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My faithful companion: mutt

··482 words·3 mins
Articles Email Assorted Geekery Personal
Daniel Andrlik
Daniel Andrlik lives in the suburbs of Philadelphia. By day he manages product teams. The rest of the time he is a podcast host and producer, writer of speculative fiction, a rabid reader, and a programmer.
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About a month ago, on a whim, I started an experiment where I stopped checking my personal email on my phone, or via the web. Instead, I moved all my personal email activity over to Mutt. Yes, I’m now one of those nerds. The ones that use unnecessarily complex terminal applications for email.

UPDATE: I’ve since upgraded to NeoMutt, which is an outstanding implementation of the classic Mutt application, with lots of handy features.

It’s a pretty slick setup. My email syncs automatically via offlineimap in the background, regardless of if I have the application open, and I have full support for threading, integration with contacts, search, PGP encryption, and composing formatted emails using Markdown1. I quite like it.

UPDATE: I’ve since switched to mbsync/isync, which is significantly faster and easier to manage.


Disclaimer #

Let’s get a few things out of the way. Setting up Mutt is a pain in the ass to do well. [It’s impractical for almost anyone that doesn’t already have a technical bent and a love of playing with configuration files. You will spend a lot of time getting it the way you want it the first time, and if you like to tinker, you will almost certainly spend a lot of time tweaking it after the fact to get it just the way you like it.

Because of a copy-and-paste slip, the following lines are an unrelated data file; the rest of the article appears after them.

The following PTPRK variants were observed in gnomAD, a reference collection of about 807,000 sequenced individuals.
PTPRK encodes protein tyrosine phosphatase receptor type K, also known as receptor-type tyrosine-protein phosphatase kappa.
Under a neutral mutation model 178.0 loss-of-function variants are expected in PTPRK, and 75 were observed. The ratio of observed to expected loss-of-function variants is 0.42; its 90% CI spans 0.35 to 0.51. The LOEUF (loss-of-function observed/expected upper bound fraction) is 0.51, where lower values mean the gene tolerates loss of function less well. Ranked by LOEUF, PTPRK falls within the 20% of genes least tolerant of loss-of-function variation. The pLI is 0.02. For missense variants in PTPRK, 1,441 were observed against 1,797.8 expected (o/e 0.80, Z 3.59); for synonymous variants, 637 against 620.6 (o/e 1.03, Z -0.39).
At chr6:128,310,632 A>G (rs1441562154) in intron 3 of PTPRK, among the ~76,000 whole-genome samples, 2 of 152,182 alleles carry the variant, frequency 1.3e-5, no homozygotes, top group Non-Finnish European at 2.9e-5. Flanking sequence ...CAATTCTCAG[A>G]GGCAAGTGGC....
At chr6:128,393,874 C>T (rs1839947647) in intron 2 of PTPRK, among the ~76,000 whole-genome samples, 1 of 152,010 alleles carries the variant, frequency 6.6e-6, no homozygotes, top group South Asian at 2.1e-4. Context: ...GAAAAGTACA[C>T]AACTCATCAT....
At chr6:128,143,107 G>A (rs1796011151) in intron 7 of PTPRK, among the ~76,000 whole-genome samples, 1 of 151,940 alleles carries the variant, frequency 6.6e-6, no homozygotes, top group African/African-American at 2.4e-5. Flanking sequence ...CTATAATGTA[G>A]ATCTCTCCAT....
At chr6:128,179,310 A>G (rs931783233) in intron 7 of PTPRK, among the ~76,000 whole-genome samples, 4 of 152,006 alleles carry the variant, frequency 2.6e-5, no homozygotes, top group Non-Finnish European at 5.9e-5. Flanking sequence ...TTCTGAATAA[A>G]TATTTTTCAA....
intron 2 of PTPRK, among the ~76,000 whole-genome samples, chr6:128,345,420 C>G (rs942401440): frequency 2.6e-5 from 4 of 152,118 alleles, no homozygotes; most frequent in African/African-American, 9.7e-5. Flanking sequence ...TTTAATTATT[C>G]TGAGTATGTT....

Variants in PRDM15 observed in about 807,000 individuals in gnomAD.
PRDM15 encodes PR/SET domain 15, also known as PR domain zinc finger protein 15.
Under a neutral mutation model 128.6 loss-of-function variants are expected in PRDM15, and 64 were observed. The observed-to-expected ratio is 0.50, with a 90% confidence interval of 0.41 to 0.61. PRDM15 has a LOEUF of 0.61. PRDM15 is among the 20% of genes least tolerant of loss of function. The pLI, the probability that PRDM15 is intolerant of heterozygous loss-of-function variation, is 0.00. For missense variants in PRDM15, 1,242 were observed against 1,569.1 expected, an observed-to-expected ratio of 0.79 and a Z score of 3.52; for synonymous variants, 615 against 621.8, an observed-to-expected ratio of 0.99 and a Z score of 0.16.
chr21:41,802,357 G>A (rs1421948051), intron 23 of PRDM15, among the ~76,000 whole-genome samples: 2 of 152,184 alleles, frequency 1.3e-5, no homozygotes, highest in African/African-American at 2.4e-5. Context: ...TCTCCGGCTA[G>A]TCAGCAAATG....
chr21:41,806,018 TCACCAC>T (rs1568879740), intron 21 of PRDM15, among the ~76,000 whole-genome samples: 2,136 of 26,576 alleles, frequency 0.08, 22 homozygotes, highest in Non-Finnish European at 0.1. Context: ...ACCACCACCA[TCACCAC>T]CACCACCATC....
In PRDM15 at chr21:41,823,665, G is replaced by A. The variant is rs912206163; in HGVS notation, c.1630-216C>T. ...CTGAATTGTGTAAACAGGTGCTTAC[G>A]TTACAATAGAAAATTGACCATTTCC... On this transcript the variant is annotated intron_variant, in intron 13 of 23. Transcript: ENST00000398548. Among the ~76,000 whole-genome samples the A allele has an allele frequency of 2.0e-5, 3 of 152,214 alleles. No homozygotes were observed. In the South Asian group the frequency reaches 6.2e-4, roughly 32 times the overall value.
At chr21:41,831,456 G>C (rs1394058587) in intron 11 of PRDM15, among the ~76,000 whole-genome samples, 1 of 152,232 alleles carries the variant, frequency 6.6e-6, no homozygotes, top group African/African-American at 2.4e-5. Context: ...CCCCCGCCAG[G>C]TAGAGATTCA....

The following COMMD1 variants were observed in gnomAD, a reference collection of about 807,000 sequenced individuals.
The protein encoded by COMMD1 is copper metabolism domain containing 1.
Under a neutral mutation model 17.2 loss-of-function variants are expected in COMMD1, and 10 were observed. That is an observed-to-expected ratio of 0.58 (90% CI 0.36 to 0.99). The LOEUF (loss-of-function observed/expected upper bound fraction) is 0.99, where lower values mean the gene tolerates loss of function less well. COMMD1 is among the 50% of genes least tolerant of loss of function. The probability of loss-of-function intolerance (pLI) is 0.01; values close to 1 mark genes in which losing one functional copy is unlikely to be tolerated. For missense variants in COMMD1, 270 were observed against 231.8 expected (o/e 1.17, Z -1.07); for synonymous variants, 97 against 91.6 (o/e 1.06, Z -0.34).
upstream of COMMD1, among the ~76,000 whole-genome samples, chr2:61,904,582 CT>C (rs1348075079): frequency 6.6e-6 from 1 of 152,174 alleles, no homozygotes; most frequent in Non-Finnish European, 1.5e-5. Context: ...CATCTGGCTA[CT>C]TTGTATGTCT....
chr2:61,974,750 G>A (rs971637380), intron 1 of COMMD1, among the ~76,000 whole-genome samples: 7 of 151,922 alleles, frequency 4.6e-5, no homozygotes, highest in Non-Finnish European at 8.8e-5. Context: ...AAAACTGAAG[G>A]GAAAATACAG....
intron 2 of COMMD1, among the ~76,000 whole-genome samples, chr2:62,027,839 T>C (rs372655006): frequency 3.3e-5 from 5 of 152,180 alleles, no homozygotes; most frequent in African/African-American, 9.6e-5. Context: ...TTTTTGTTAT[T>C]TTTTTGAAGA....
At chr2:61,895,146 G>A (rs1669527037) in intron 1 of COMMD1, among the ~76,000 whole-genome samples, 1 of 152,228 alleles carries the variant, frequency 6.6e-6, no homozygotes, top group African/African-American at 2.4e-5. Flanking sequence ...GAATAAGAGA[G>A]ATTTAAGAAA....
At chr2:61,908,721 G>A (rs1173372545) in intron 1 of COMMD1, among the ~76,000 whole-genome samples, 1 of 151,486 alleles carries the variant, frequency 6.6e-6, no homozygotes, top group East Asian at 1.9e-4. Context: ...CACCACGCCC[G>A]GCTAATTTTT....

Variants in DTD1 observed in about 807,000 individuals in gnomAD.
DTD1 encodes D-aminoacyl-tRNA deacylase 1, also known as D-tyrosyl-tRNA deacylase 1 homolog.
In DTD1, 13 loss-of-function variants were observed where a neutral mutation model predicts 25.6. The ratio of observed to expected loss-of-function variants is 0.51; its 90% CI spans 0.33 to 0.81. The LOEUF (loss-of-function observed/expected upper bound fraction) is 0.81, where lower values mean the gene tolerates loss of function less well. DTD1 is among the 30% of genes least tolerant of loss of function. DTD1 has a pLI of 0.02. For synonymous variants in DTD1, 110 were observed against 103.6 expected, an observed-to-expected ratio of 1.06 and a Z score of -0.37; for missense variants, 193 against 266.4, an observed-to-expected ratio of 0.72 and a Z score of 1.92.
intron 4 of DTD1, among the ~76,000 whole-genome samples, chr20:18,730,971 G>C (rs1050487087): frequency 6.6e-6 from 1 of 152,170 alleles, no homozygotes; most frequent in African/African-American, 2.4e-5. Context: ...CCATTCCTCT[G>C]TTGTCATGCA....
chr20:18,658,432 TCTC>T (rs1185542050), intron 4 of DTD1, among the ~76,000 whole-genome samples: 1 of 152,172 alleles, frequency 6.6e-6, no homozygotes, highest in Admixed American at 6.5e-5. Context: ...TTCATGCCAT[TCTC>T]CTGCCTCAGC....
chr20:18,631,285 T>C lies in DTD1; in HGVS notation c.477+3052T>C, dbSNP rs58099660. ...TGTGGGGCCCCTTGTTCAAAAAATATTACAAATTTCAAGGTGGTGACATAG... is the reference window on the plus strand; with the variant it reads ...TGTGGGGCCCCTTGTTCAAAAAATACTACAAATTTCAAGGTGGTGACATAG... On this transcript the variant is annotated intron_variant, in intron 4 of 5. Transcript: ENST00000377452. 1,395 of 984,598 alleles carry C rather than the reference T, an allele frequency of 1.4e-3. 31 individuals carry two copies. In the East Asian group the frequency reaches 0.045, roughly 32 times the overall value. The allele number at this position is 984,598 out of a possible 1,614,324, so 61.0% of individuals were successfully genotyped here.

This is not a guide to installing and configuring Mutt. If you are looking for that, I would recommend Steve Losh’s guide for the basic setup2, and this guide for how to set up better rendering of HTML emails.

The experience>

The experience #

Once you get the hang of the key commands, which is easy, since you configure them yourself, Mutt is really fast. I can process my inbox quickly3, and I haven’t found myself missing any features of a traditional webmail or desktop application. As another plus, Mutt is quiet. By its nature, there are no distractions, so you can read and compose in peace.

And search! Search via Xapian is crazy fast and good at finding relevant emails.

Search inside mutt
Searching inside mutt using a Xapian database. I searched for emails related to Dungeons and Dragons.

As an added plus, due to the demographic of Mutt’s user base, it implements PGP/GPG exceptionally well. In fact, it is the most seamless implementation of encryption I’ve worked with thus far. So, that’s an added plus for privacy buffs.

So happy together>

So happy together #

This has been a great experience, and honestly, I have a hard time envisioning myself going back to the way I did email before. Sure, it’s complex, unnecessarily nerdy, and a bit silly, but so am I. So, for the foreseeable future, I’ll stick with my faithful companion.

  1. Via muttdown ↩︎

  2. Although I ultimately elected to install offlineimap via Homebrew instead so that I could set it up as a service on my Macs. ↩︎

  3. Inbox Zero!! ↩︎


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